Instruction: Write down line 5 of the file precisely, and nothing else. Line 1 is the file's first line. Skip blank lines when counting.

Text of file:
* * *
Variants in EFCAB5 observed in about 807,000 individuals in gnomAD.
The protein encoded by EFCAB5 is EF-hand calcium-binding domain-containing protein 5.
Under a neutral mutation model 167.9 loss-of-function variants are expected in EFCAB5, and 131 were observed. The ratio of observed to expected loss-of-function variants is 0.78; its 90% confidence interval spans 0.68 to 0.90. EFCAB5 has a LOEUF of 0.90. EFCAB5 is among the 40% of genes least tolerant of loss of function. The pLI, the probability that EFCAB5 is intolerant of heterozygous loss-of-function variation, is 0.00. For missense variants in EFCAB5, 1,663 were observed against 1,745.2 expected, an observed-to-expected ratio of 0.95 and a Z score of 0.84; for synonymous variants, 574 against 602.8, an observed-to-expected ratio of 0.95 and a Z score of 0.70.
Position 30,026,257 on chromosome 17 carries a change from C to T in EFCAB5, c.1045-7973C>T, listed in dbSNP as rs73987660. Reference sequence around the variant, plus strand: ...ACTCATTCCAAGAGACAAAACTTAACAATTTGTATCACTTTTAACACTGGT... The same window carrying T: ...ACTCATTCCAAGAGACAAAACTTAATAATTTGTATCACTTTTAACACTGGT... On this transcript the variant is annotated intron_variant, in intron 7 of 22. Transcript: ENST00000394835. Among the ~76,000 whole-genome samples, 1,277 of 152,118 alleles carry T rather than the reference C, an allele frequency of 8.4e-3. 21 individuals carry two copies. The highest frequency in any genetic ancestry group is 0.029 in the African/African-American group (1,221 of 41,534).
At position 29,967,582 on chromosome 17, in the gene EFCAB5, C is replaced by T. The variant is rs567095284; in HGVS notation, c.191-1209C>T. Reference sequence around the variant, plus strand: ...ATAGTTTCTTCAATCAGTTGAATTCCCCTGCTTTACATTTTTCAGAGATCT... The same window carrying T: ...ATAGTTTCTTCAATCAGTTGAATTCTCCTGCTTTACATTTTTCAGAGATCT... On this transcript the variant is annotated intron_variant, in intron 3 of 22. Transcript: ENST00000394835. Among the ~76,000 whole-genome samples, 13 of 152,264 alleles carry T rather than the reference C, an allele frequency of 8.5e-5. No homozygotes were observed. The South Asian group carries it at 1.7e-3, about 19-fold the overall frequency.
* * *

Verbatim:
At position 29,967,582 on chromosome 17, in the gene EFCAB5, C is replaced by T. The variant is rs567095284; in HGVS notation, c.191-1209C>T. Reference sequence around the variant, plus strand: ...ATAGTTTCTTCAATCAGTTGAATTCCCCTGCTTTACATTTTTCAGAGATCT... The same window carrying T: ...ATAGTTTCTTCAATCAGTTGAATTCTCCTGCTTTACATTTTTCAGAGATCT... On this transcript the variant is annotated intron_variant, in intron 3 of 22. Transcript: ENST00000394835. Among the ~76,000 whole-genome samples, 13 of 152,264 alleles carry T rather than the reference C, an allele frequency of 8.5e-5. No homozygotes were observed. The South Asian group carries it at 1.7e-3, about 19-fold the overall frequency.